Look, at this point pretty much everything is pointing towards 2 Broke Girls not getting a Season 7. I have a Google Alert set up for any related news, and week after week I’m sent articles tracking its flagging viewership and overall ratings. At 4.6 million, last month’s “And the Alley Oops” marks the smallest audience the show has ever had throughout the course of it airing. What’s more, at the time of this writing CBS still has yet to renew the sitcom for its 2017 fall lineup.
With all of that being said, and this very likely being the penultimate episode, I’m definitely realizing very late in the game that this show is all about Ms. Caroline Channing.
It’s an odd prospect to consider given how much the sitcom has focused on Kat Dennings’ Max Black. Dennings objectively has the larger personality and star power, given her minor role in the Thor franchise. Considering how much 2 Broke Girls has doubled down on their crass humour and one-liners, Max shares the title role but commands a larger portion of the spotlight. So what do I mean when I say it’s really all about Caroline?
Because Caroline is the entire reason the premise of 2 Broke Girls exists.
Sure, without Caroline in the picture Max continues working in The Williamsburg Diner, which she does now, but there are some significant differences. Max never learns to expand on her baking ability, or get her GED, or co-own not one, but several, businesses, or, and this is most important to the show, make close connections to the people around her.
It’s very easy to argue that without having met and befriended and lived with Caroline the chances of Max one day witnessing a baby ride around in its own little car, and considering that baby’s mother one of her friends, drop down to zero.
Caroline Channing is the catalyst of 2 Broke Girls, the reason there’s a New Total tally at the end of every episode to begin with. Not that we’re trying to count up to any particular number at this point, but right now her and Max are profiting and keeping track, as opposed to whatever hand-to-mouth lifestyle the latter was living previously.
So why does everything feel so abruptly centred around her now?
The answer to that, which I’ve intimated in past reviews, is that “2 Broke Girls has never been great about balance.” As far as a central focus the pendulum tends to swing from one extreme to the next, a strong emphasis on Max’s relationship with Randy that eventually makes way for Caroline and Bobby. It’s so much more jarring here at the end, however, because, well . . . it’s the end. Or at least we think it is.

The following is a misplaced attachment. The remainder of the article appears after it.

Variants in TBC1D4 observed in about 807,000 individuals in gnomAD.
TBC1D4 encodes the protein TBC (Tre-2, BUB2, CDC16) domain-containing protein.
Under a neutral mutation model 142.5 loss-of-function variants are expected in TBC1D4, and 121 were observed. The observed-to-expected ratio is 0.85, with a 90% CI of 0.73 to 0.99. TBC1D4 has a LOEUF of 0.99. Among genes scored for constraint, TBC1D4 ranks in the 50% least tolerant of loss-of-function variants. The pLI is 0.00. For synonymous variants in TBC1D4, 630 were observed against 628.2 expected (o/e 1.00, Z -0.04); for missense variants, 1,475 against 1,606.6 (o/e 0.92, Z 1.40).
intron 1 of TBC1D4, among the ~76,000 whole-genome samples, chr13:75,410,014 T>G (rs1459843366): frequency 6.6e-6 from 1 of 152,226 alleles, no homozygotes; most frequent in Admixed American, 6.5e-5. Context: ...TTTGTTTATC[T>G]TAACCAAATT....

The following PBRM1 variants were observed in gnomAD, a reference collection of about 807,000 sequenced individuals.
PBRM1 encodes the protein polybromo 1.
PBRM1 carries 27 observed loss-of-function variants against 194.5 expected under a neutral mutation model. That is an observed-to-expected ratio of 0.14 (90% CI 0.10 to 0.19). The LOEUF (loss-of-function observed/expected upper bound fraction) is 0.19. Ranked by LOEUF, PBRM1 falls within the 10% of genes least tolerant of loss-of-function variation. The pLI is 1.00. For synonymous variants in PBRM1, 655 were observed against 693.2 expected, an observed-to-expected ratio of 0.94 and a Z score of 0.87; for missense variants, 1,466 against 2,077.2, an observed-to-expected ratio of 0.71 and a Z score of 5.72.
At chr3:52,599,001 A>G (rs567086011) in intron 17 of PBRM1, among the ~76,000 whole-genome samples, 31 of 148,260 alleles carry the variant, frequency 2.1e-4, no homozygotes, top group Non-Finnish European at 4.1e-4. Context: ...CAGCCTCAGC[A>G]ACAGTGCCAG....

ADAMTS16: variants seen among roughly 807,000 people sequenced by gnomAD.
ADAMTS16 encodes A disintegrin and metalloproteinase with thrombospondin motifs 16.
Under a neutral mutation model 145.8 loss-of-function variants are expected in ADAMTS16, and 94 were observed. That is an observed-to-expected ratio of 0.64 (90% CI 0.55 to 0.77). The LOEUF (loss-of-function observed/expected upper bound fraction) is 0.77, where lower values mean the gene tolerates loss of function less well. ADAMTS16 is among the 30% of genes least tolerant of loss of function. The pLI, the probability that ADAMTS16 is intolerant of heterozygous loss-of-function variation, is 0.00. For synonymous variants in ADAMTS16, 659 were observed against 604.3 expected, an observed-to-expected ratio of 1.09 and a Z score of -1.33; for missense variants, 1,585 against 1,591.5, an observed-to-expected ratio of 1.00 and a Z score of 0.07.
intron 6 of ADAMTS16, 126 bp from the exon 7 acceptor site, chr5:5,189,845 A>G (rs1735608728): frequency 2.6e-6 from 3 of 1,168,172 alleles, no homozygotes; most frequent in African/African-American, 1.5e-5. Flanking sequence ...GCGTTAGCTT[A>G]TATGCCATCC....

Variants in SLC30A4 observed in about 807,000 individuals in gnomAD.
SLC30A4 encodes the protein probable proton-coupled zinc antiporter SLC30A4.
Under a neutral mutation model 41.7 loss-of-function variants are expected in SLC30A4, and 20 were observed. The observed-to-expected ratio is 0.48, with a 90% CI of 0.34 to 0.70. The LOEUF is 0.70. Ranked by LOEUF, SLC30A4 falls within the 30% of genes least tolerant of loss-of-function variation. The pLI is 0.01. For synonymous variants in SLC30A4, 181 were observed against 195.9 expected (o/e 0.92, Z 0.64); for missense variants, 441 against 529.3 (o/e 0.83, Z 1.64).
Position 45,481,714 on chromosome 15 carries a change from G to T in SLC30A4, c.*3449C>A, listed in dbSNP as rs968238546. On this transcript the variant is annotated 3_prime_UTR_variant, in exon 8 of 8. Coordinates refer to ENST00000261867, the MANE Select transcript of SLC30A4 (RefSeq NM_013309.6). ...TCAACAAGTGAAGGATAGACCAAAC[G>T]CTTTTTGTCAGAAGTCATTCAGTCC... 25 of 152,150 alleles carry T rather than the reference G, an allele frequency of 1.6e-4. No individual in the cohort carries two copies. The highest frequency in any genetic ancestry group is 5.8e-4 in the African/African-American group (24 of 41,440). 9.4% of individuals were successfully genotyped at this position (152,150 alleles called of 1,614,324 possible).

With the last 2 Broke Girls episode ever possibly in our sights what we expect as viewers is for there to be some kind of end goal for both Broke Girls. Previous finales have ramped up to their reaching a particular milestone in their business, a shared triumph for the two of them.
I suppose that Caroline’s big movie could be that, sort of. Remember that? Both her and Max spent almost a fifth of Season 5 in Hollywood, starting with “And the Lost Baggage” and wrapping things up by “And the Pity Party”. The film based on her life story of riches to rags to somewhat-richer-but-still-poor-at-least-by-the-standards-of-this-show is finally being released, and the only reason no one knew about it is because Sophie is terrible at forwarding mail.
It’s a potentially exciting time for them, but it’s all about Caroline when it’s revealed that Candy Andy, who we last saw getting married at the start of Season 5, is who she ends up with in the movie. As a result he’s also invited to the press junket, and due to his marriage falling apart ends up wanting her back.
There’s a bit of fun with her current beau Bobby stifling and becoming “violently jealous”, though Caroline’s indecision over what to do given that some screenwriter though Andy was the one for her isn’t nearly as compelling. What’s more, Andy’s confessing that he’s ludicrously wealthy [he tripped on a fat kid and fell on a skinny kid at Six Flags], in the lame hopes of beating out Bobby in that way, is likewise poorly executed. There’s no real conflict for Caroline, in spite of the fact that he’s offering her a shot at her old life. She appears to want what he’s teasing her with, but no more than Bobby, it turns out, and it’s ultimately played up as a joke.